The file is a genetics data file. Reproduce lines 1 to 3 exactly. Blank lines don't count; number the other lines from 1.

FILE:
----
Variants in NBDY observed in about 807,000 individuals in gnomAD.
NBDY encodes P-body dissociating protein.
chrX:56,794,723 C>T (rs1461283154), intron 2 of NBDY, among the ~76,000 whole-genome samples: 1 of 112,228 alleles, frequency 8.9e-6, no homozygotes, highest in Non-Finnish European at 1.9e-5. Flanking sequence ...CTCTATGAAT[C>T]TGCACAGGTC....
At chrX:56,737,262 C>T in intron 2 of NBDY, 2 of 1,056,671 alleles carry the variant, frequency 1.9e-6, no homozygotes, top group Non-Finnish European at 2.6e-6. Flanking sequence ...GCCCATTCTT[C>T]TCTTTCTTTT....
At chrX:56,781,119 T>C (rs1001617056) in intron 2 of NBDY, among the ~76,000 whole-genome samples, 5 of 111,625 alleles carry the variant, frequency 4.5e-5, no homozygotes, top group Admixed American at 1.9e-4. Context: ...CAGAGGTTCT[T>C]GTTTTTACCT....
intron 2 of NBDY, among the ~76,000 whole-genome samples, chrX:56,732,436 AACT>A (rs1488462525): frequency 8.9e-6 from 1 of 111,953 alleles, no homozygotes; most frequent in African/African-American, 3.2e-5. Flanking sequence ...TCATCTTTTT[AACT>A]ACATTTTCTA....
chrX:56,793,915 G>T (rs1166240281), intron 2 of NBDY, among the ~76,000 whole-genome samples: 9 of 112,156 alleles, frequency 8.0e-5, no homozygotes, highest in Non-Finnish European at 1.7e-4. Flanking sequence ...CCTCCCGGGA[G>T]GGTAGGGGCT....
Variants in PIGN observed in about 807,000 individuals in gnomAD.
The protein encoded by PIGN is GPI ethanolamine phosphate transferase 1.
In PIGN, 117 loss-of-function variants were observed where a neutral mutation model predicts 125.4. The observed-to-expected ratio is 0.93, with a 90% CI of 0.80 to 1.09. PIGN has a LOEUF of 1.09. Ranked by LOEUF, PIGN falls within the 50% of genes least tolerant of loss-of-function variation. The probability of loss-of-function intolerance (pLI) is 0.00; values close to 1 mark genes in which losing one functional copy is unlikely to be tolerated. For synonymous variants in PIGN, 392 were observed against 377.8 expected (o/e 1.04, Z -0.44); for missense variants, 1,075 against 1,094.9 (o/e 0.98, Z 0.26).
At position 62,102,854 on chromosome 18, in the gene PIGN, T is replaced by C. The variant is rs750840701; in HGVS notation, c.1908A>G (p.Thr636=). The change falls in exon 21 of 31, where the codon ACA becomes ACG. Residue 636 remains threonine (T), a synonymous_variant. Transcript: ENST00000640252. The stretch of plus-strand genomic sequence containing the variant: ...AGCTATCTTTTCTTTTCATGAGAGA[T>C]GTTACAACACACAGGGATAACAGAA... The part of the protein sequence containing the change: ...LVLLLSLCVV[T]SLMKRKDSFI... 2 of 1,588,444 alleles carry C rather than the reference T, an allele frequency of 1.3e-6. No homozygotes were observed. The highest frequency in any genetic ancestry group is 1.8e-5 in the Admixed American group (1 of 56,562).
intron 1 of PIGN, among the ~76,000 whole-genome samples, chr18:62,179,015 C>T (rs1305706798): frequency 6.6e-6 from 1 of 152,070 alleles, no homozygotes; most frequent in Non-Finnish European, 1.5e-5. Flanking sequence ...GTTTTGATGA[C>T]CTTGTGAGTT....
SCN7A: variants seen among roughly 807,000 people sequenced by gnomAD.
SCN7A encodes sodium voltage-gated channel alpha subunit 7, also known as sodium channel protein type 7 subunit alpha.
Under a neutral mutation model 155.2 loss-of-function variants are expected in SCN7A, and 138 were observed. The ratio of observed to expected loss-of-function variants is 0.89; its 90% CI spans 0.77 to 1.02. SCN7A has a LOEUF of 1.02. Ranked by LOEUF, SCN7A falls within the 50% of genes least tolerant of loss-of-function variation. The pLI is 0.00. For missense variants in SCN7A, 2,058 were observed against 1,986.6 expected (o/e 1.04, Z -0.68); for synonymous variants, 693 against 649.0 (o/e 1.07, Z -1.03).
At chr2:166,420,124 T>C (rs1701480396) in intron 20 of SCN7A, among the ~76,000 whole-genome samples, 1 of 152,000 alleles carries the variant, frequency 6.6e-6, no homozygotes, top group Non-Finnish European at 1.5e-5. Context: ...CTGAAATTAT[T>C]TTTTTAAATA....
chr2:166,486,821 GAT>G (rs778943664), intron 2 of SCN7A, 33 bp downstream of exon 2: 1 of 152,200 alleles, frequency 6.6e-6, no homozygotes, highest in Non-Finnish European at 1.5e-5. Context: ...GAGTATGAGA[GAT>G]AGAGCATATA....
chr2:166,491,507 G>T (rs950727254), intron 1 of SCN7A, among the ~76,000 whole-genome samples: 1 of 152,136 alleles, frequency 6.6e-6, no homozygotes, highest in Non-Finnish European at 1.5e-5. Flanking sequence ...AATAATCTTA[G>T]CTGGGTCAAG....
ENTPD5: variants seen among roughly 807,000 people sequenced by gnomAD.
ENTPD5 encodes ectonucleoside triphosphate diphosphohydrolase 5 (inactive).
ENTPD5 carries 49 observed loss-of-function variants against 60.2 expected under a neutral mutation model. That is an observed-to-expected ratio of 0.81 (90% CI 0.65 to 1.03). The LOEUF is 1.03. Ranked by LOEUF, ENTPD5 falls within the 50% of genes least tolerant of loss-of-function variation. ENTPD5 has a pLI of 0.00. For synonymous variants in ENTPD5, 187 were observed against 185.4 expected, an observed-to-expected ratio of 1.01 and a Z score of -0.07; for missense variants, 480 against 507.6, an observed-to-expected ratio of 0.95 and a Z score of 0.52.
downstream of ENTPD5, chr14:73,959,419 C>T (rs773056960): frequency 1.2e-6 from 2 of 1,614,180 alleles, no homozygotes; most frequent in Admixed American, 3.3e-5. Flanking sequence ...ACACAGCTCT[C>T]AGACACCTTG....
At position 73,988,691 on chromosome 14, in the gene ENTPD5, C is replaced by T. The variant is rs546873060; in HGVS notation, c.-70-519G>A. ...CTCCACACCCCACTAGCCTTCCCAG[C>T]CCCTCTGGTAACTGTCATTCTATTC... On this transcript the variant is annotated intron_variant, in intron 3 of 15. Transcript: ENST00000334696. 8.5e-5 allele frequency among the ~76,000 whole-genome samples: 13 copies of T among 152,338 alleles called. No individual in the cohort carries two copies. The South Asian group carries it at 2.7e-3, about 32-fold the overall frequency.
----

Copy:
Variants in NBDY observed in about 807,000 individuals in gnomAD.
NBDY encodes P-body dissociating protein.
chrX:56,794,723 C>T (rs1461283154), intron 2 of NBDY, among the ~76,000 whole-genome samples: 1 of 112,228 alleles, frequency 8.9e-6, no homozygotes, highest in Non-Finnish European at 1.9e-5. Flanking sequence ...CTCTATGAAT[C>T]TGCACAGGTC....